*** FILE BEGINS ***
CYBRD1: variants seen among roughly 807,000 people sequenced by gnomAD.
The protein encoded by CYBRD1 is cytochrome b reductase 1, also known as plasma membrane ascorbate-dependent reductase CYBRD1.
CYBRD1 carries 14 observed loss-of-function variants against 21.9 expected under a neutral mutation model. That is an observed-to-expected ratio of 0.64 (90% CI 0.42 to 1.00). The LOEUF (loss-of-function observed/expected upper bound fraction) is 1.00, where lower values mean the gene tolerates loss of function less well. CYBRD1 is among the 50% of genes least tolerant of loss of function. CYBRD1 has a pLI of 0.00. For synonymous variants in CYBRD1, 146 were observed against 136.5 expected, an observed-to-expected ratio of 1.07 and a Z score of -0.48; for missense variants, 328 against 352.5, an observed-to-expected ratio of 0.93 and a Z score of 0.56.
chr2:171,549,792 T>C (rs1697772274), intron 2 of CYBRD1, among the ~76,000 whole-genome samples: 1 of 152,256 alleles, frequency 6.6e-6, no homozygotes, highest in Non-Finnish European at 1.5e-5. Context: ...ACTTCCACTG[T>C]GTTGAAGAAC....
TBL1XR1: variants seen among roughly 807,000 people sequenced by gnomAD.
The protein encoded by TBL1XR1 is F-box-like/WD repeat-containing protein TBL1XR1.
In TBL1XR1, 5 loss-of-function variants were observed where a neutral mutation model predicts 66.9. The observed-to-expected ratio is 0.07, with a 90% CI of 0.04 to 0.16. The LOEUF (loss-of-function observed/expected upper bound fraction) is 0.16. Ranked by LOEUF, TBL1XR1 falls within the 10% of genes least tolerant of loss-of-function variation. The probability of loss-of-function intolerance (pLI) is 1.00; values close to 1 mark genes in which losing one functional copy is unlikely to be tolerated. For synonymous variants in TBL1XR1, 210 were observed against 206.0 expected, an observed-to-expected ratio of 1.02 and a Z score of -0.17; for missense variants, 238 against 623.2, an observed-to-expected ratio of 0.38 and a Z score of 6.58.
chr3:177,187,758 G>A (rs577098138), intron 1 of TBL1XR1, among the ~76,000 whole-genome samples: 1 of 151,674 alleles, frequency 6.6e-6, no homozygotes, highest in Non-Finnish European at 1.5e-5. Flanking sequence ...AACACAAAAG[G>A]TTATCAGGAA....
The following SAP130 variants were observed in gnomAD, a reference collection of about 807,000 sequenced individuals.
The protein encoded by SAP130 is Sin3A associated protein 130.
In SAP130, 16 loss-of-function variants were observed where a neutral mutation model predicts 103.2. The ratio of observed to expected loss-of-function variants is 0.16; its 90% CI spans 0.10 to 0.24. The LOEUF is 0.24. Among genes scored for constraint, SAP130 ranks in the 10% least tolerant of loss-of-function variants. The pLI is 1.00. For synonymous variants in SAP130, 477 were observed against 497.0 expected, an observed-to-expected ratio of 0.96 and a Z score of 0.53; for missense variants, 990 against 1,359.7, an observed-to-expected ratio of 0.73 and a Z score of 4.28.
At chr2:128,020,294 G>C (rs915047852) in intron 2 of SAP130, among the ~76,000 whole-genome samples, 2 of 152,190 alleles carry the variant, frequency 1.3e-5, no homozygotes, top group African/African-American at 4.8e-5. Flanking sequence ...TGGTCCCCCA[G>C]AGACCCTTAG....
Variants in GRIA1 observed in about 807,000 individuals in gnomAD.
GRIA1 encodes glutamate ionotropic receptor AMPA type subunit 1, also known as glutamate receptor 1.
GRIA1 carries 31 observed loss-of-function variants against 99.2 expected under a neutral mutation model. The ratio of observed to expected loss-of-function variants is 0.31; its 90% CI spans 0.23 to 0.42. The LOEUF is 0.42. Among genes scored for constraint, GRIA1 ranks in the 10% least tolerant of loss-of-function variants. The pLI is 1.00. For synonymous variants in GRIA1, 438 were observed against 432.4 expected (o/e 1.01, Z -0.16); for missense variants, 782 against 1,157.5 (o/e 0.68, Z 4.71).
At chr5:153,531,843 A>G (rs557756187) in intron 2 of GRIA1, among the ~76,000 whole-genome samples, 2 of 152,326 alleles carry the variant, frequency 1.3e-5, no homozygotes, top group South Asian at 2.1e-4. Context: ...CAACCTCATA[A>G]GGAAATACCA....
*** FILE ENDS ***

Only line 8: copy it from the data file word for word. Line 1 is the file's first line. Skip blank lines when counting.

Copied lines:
chr3:177,187,758 G>A (rs577098138), intron 1 of TBL1XR1, among the ~76,000 whole-genome samples: 1 of 151,674 alleles, frequency 6.6e-6, no homozygotes, highest in Non-Finnish European at 1.5e-5. Flanking sequence ...AACACAAAAG[G>A]TTATCAGGAA....